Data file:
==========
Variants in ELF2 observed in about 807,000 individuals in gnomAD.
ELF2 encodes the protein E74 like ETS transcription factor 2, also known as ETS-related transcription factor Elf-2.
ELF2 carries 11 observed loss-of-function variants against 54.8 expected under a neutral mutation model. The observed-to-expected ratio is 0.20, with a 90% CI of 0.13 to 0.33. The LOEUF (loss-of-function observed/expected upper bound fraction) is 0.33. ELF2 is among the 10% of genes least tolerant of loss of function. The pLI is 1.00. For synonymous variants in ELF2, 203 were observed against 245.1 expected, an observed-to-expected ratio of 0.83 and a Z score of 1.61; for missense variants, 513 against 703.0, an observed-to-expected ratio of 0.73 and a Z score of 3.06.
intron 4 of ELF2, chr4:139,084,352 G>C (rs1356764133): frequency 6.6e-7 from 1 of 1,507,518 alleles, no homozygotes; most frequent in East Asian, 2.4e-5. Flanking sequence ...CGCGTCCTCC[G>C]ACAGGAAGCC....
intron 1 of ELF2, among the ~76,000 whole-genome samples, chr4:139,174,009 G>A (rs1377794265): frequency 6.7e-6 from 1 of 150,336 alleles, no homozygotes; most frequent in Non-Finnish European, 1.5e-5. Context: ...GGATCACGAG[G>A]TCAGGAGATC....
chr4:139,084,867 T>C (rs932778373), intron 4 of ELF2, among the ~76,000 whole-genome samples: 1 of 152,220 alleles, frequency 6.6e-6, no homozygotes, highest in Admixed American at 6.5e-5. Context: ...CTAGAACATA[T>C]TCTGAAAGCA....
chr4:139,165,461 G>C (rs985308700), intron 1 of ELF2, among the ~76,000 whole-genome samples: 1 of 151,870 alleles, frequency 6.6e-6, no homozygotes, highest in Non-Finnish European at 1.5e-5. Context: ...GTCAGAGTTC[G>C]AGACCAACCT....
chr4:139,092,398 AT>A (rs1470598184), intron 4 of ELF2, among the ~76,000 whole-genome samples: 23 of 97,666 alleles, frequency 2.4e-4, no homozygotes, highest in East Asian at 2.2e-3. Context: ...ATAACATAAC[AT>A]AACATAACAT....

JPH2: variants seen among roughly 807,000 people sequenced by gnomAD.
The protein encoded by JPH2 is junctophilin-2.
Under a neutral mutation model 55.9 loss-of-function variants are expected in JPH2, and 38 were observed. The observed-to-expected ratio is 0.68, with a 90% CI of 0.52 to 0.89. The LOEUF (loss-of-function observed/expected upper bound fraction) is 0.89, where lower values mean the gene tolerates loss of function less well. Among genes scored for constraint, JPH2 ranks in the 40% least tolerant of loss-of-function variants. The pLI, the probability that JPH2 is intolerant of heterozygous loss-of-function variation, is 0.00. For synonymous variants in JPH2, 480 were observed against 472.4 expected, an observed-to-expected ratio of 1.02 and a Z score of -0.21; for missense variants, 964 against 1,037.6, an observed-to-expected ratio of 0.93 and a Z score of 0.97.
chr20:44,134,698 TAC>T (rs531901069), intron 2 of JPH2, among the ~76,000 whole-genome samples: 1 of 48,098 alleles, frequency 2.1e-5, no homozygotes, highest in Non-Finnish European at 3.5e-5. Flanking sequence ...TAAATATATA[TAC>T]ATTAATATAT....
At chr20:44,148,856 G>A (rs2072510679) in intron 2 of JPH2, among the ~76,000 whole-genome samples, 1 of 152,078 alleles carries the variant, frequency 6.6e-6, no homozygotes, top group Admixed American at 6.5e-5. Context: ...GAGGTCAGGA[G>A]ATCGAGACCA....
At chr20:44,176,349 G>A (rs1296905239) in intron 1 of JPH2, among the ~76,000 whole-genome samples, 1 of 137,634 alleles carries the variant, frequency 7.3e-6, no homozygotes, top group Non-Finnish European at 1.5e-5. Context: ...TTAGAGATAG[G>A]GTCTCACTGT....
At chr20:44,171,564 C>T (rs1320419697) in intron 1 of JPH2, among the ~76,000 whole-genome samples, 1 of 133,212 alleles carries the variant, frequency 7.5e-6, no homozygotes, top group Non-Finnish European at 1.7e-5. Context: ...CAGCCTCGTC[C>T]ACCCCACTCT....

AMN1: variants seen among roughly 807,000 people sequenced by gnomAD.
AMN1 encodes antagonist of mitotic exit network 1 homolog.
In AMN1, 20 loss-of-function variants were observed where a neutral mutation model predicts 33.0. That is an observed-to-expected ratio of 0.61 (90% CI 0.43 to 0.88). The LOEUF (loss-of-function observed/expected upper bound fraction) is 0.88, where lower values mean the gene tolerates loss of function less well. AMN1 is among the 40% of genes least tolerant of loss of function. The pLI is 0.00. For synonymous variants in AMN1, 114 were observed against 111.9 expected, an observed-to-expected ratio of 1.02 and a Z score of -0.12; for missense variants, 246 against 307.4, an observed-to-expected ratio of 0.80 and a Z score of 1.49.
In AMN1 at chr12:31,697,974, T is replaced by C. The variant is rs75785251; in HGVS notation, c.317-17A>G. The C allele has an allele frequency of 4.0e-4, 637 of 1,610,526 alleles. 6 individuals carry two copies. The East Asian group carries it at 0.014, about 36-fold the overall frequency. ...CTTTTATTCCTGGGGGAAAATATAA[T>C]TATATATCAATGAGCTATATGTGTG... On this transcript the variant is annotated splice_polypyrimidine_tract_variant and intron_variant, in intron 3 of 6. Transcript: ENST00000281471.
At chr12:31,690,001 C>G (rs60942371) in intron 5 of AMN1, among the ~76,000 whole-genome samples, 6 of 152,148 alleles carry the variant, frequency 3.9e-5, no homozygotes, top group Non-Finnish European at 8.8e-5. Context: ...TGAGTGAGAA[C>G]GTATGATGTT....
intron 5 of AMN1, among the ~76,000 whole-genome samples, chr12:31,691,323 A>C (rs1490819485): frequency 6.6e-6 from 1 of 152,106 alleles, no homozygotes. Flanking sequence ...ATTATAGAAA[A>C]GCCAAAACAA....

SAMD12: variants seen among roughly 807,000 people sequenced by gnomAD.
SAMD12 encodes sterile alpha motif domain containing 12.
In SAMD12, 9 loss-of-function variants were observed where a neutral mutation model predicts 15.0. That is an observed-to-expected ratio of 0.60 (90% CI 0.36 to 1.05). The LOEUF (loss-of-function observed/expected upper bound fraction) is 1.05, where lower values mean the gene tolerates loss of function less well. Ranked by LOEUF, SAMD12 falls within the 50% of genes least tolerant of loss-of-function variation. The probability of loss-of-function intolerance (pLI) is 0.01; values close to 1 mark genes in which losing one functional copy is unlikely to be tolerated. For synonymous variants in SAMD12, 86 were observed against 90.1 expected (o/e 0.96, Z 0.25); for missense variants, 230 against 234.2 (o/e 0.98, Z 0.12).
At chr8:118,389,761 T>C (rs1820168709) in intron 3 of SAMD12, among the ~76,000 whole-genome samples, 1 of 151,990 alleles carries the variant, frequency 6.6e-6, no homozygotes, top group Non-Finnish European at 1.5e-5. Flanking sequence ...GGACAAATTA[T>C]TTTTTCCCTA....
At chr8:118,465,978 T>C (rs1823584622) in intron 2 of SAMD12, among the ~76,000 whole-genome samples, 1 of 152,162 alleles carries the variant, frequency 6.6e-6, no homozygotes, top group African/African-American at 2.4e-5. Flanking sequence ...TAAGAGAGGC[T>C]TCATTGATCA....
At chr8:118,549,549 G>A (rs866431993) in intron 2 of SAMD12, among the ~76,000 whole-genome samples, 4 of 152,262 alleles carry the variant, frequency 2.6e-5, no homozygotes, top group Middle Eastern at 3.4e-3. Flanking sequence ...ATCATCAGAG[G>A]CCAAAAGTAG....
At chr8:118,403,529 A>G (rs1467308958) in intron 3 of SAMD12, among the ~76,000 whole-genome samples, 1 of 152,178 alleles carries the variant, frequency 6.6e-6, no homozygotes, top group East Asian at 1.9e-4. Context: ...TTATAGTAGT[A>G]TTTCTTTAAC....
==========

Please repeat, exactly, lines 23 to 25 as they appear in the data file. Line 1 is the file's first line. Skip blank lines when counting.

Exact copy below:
SAMD12 encodes sterile alpha motif domain containing 12.
In SAMD12, 9 loss-of-function variants were observed where a neutral mutation model predicts 15.0. That is an observed-to-expected ratio of 0.60 (90% CI 0.36 to 1.05). The LOEUF (loss-of-function observed/expected upper bound fraction) is 1.05, where lower values mean the gene tolerates loss of function less well. Ranked by LOEUF, SAMD12 falls within the 50% of genes least tolerant of loss-of-function variation. The probability of loss-of-function intolerance (pLI) is 0.01; values close to 1 mark genes in which losing one functional copy is unlikely to be tolerated. For synonymous variants in SAMD12, 86 were observed against 90.1 expected (o/e 0.96, Z 0.25); for missense variants, 230 against 234.2 (o/e 0.98, Z 0.12).
At chr8:118,389,761 T>C (rs1820168709) in intron 3 of SAMD12, among the ~76,000 whole-genome samples, 1 of 151,990 alleles carries the variant, frequency 6.6e-6, no homozygotes, top group Non-Finnish European at 1.5e-5. Flanking sequence ...GGACAAATTA[T>C]TTTTTCCCTA....